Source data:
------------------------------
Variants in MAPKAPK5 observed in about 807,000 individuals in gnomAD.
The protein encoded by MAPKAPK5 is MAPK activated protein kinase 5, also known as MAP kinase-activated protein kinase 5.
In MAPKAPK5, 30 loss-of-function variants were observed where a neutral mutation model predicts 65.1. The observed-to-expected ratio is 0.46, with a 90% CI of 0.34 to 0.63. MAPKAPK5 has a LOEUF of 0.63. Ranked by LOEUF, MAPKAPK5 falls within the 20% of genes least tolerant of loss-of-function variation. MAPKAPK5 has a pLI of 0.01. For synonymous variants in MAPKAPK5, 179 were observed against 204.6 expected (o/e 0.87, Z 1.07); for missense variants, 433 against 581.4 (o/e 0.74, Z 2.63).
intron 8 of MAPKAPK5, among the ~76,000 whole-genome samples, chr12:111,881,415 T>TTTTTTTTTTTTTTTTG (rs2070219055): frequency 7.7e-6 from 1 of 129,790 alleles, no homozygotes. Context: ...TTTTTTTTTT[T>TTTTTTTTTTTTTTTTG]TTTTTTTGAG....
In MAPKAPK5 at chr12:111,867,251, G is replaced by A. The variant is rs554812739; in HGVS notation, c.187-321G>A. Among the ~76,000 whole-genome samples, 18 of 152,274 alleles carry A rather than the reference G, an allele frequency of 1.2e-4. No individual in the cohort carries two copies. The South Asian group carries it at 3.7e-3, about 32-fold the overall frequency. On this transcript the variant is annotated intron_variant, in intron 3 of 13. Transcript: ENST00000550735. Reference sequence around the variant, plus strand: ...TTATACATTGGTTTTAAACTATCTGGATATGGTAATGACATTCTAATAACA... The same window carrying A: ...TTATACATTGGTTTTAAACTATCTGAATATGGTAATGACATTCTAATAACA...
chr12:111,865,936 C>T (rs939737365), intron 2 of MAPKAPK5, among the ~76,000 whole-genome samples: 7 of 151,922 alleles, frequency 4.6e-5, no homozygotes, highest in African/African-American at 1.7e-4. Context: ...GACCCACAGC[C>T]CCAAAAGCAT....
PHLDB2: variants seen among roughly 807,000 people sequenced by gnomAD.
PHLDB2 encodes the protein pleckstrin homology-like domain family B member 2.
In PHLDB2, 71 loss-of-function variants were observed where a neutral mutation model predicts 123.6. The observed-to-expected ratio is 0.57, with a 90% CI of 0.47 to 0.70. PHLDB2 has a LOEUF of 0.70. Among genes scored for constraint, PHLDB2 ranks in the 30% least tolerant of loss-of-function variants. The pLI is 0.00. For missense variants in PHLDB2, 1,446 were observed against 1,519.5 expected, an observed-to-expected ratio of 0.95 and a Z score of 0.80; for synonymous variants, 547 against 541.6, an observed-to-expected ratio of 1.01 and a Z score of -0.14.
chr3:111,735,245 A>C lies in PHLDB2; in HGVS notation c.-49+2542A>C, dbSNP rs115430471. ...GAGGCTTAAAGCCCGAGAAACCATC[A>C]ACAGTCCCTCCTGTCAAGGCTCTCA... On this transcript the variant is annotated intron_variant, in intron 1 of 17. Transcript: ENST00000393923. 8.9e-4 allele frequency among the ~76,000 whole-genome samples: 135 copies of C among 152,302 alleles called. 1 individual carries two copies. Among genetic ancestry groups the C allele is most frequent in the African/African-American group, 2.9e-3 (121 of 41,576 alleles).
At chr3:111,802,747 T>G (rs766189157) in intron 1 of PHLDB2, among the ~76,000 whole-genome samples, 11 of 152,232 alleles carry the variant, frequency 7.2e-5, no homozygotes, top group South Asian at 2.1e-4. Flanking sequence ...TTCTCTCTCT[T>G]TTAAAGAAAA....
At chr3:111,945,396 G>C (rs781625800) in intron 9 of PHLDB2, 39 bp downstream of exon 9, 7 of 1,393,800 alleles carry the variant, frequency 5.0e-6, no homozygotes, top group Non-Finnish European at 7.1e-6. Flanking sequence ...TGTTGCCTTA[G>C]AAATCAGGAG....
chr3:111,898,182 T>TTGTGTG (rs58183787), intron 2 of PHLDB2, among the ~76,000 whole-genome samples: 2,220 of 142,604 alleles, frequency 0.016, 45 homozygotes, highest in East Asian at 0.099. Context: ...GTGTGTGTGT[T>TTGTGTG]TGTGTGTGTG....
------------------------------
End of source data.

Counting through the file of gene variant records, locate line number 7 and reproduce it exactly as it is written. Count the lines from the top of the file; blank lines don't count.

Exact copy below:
PHLDB2: variants seen among roughly 807,000 people sequenced by gnomAD.